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And AE is less than MF+ HP by MP + HF; that is, the square on AB is equal to the squares of AP, PB diminished by twice the rectangle contained by AP, PB.
The difference of the squares on two lines is equal to the rectangle contained by the sum and difference of the lines *.
Part. En. Let AB and BC be the two straight lines, of which AB is the greater; and let them be placed in one straight line; cut off BD equal to BC; so that AC is their sum, and AD is their difference;
Then will the difference of the squares of AB and BC be equal to the rectangle contained by AC and AD.
Proof. On AB describe a square AGHB. Through D, C draw DL, CF parallel to AG or BH; cut off HO= LH or DB; and through O draw EKOF parallel to AC.
Then KH is the square on DB or BC; and therefore the difference of the squares of AB and BC is the figure made up of EL and A0.
But EL is equal to BF by construction; therefore the figure made of EL and AO is equal to AF; which is the rectangle contained by AE or AD and AC;
* Euclid, 11. 5, Cor.
therefore the difference of the squares of AB and BC is equal to the rectangle contained by AC and AD.
Cor. If a straight line is bisected and divided in any point, the rectangle contained by the segments is equal to the difference of the squares on half the line and the line between the points of section.
A Ç P B · C B P
Proof. For let AB be bisected in C, and divided internally or externally in P.
Then AP is the sum of AC and CP, and PB is their difference, since BC= AC.
Therefore the rectangle contained by AP, PB is the rectangle contained by the sum and difference of AC and CP, and therefore is equal to the difference of the squares of AC and CP.
Remark. The student will begin here to suspect, what he will afterwards find to be true, that there is an intimate relation between geometry and algebra. Algebraical or analytical geometry as it is called, investigates this relation and applies it to the establishment of theorems in geometry, and will occupy him at a later stage of his mathematical studies. We shall at present use the expression AB, which is read 'AB squared,' only as an abbreviation for “the square on AB," and ABX AC or AB. AC, as an abbreviation for “the rectangle contained by AB and AC.”
In any right-angled triangle the square on the hypotenuse is equal to the sum of the squares on the sides which contain the right angle.
! Part. En. Let ABC be a
Proof. On AB, BC, CA describe the squares ADEB, BFGC, CIHA respectively. Join CD, BH; and draw BJ parallel to AH.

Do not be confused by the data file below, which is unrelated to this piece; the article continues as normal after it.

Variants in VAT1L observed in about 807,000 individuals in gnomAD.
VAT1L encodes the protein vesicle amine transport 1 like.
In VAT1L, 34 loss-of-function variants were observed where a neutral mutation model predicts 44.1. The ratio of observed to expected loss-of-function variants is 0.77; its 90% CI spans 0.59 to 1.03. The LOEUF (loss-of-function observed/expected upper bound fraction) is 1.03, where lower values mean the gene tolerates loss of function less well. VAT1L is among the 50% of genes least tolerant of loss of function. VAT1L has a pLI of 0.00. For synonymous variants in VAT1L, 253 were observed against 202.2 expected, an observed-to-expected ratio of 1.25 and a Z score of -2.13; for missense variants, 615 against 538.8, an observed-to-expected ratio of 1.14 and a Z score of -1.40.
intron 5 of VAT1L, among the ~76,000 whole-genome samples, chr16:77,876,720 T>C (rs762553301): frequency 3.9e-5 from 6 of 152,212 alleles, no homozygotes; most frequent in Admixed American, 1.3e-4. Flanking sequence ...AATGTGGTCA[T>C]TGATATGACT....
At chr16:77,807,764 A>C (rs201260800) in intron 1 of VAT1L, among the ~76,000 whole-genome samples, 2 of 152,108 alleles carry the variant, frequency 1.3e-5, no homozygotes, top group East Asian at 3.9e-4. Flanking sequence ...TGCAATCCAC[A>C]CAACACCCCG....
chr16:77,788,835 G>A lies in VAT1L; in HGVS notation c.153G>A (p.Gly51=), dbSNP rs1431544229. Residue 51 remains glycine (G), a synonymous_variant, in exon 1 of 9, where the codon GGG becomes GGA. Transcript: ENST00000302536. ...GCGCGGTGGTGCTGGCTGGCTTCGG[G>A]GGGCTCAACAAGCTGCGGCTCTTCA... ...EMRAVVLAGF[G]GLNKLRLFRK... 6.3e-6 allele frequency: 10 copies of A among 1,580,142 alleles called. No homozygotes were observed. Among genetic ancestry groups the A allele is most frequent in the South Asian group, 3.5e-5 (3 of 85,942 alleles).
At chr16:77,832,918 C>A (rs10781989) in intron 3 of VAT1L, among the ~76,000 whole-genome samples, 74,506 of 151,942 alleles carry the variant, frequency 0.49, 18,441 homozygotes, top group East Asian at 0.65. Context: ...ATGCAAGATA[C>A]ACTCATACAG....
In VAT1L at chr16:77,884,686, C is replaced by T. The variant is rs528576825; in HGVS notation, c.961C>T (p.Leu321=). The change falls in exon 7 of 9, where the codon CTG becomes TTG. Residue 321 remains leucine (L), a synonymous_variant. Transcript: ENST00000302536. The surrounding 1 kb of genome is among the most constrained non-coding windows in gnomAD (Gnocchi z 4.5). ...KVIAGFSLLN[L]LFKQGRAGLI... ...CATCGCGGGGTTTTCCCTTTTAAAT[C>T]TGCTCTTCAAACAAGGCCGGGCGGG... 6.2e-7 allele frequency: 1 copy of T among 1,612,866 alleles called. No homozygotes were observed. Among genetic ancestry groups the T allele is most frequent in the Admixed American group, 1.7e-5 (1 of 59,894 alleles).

Since the angles ABC, ABE, BCF are right angles, it follows that CBE, ABF are straight lines; (1. 3.) therefore the triangle DAC is on the same base DA, and be. tween the same parallels DA, EC with the square DABE; therefore the triangle DAC is half the square DABE;
(11. 3, Cor. 2.) and similarly the triangle BAH is half the rectangle AJ.
But because the angle DAB= the angle HAC, each being a right angle; add to each the angle BAC; therefore the whole angle DAC is equal to the whole angle BAH; and the two sides DA, AC are respectively equal to the two sides BA, AH;
(Constr.) therefore the triangle DAC is equal to BAH; (1. 5.) and therefore the square DABE = the rectangle AJ.
Similarly it may be shewn that the square BCGF=the rectangle CJ, and therefore, since AJ and CJ make up
the whole square AHIC, the square AHIC is equal to the sum of the squares ABDE and BCGF, that is,
ACP= ABR + BC%*
Place two squares EABH, KBCF, as in the figure, with their sides AB, BC continuous and in the same straight line. From CB cut off CD equal to AB. Join DE, DF.
Produce BK to L, making KL= AB. Join LE, LF.
Then it will be easy to prove that the triangles EAD, DCF, EHL, LKF are all equal, being right-angled, and having the sides containing the right angle equal; therefore the figure LEDF is equal to the sum of the two given squares, and all its sides are equal.
And since EDA is complementary to AED or FDC, therefore the angle EDF is a right angle. Therefore LEDF is a square, and is the square on ED.
Therefore the square on the hypotenuse ED is equal to the sum of the squares on the sides EA, AD,
* Euclid, 1. 47.
Cor. I. It follows that in a triangle ABC right-angled at B,
ABR = AC? - BC and BC=AC - AB'.
The next two theorems shew the modifications which the theorem undergoes when the triangle is not right-angled.
In an obtuse-angled triangle the square on the side subtending the obtuse angle is greater than the squares on the sides containing that angle by twice the rectangle contained by either of these sides and the projection on it of the other side*.
* Euclid, 11. 12.